CFED Scorecard

State Gets Mixed Grades in Opportunity Report

Jon Talton
Seattle Times
Jan 29, 2015

Earlier this week, my colleague Janet Tu wrote about how Washington has been among the most unbalanced among the states in a recovery where all the gains have gone to the 1 percent. Today we can dig deeper into where the state stands with the new Asset and Opportunity Scorecard from the Corporation for Enterprise Development (CFED), a nonprofit that focuses on increasing opportunity for low-income families.

Overall, Washington ranked 14th nationally, two spots better than last year. We received a B grade in Financial Assets and Income; A in Business and Jobs; C in Housing and Homeownership; C in Healthcare, and A in Education.

The Scorecard looks at 67 measures in five separate areas (Financial Assets & Income, Businesses & Jobs, Housing & Homeownership, Health Care and Education). Here’s how Washington fared in some of them:

  • Third in the number of households with savings accounts, with 82 percent vs. 69 percent of households nationally. But the state ranked 44th in credit-card debt.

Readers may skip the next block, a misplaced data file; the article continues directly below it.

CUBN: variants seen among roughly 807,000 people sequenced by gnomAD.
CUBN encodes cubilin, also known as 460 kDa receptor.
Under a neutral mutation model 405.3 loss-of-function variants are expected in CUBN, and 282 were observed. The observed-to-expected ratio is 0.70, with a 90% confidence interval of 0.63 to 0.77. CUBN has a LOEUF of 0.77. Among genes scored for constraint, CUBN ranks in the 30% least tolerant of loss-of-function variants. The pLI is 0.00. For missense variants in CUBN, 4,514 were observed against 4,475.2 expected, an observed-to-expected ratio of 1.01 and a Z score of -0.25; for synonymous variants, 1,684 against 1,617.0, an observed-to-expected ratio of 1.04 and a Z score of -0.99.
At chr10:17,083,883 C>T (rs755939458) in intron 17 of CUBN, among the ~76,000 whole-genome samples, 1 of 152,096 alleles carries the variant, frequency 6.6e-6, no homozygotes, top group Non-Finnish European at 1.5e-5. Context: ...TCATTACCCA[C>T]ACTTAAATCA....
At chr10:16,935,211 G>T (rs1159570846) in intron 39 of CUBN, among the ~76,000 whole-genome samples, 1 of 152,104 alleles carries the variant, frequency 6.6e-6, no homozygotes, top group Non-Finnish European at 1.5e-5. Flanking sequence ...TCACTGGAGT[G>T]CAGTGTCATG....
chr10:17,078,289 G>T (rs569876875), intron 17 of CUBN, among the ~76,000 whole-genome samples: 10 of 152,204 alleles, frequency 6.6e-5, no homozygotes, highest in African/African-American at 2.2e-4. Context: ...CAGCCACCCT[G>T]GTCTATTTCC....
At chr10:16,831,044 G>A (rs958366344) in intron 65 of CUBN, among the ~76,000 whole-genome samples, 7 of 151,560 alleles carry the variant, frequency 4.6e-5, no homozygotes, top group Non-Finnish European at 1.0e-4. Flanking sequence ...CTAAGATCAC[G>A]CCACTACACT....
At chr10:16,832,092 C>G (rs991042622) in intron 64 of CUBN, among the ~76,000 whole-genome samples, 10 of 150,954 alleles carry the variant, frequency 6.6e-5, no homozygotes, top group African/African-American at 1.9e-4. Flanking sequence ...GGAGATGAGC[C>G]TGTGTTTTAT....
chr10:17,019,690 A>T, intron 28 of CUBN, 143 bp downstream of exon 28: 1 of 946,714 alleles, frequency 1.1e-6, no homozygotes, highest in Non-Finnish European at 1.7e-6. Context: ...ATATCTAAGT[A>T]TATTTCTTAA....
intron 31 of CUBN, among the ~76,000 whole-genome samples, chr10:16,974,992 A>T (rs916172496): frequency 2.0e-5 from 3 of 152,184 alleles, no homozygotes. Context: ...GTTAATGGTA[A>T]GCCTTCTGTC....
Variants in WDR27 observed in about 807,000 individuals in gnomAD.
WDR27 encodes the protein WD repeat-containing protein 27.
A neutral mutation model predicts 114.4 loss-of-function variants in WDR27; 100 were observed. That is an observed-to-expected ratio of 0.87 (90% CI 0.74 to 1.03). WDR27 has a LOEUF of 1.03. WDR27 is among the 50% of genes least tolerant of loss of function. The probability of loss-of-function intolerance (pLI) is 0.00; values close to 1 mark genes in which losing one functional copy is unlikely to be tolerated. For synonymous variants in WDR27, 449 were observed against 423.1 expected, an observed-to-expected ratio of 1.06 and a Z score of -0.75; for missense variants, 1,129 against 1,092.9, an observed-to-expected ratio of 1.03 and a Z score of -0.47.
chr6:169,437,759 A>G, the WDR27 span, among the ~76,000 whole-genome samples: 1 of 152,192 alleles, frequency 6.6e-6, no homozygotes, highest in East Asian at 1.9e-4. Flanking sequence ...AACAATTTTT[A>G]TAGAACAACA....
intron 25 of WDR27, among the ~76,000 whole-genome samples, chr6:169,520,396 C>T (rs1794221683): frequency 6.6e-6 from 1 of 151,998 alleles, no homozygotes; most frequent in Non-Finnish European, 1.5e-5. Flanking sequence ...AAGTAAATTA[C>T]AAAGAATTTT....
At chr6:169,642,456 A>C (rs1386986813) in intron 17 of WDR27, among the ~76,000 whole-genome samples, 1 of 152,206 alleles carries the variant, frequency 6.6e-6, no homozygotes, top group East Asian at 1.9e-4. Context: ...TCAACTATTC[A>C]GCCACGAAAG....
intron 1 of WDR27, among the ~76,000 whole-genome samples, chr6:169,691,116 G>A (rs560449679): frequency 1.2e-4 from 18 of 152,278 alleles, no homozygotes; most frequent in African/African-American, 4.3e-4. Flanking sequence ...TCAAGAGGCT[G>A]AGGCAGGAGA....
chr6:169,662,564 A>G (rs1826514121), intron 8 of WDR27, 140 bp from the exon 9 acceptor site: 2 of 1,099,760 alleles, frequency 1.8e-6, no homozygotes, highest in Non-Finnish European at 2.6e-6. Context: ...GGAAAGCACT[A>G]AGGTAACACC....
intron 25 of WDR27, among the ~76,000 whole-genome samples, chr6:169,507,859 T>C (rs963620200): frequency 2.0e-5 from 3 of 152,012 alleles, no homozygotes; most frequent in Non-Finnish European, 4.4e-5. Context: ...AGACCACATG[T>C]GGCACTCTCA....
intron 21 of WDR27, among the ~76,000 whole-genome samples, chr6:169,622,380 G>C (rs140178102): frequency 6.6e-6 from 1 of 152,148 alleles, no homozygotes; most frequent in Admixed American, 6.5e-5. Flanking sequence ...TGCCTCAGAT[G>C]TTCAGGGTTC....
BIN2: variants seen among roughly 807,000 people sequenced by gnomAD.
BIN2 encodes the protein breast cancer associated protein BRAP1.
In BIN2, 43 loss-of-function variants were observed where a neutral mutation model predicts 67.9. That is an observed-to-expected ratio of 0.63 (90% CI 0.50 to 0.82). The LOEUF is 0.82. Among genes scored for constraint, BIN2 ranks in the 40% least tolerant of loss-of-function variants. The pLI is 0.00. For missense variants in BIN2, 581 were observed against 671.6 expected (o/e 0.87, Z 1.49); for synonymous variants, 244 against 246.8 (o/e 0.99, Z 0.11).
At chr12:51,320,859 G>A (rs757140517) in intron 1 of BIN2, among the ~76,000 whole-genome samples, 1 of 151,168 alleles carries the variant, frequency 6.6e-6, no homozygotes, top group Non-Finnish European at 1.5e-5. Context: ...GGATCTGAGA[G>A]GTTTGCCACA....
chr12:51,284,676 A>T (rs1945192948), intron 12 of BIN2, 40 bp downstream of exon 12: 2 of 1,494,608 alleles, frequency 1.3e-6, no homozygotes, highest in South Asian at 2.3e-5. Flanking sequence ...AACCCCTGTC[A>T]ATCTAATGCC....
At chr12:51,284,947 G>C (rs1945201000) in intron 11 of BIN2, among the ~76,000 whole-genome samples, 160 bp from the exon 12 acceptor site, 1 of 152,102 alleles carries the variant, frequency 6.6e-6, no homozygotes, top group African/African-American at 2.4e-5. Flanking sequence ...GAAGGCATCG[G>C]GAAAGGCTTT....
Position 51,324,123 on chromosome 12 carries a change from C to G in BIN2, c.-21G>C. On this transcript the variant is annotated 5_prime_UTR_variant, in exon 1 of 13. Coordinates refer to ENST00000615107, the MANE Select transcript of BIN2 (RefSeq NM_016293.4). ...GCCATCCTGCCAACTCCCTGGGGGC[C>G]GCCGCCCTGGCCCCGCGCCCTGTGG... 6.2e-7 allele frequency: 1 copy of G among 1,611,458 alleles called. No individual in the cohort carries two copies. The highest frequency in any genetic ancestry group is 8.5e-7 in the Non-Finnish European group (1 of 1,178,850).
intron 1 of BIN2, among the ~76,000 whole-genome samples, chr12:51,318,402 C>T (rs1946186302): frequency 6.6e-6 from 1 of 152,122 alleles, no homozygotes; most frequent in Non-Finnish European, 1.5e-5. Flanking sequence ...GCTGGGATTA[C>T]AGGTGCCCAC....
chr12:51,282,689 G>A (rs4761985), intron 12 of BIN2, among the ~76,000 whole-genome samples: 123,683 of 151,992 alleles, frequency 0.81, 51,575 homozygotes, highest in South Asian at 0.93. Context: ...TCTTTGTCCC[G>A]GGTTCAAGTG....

• Third in low-wage jobs, at 11.3 percent of all jobs compared with more than 25 percent nationally.
  • Ninth in average annual pay, at $51,405 vs. $49,808 nationally.
  • Only 47.1 percent of employers offered health insurance compared with nearly 50 percent nationally. Washington ranked 37th.
  • Forty-second in homeownership rates. This is partly because of affordability challenges. The median home value of a home is 4.3 times higher than median income.

Even though the state received an A in the Business and Jobs category, it ranked 47th in microenterprise ownership.

Seventh in math proficiency and eighth in reading, helping the state earn an A in Education. Forty-two percent of Washington eighth graders were proficient in those areas compared with 36 percent nationally.

Alaska ranked seventh overall, followed by Idaho 12th and Oregon 22nd. Low-population Wyoming, benefiting from an energy boom, ranked first, followed by Vermont.

You can read the entire report here, check out each state here, and use this interactive data tool to look on the county level.

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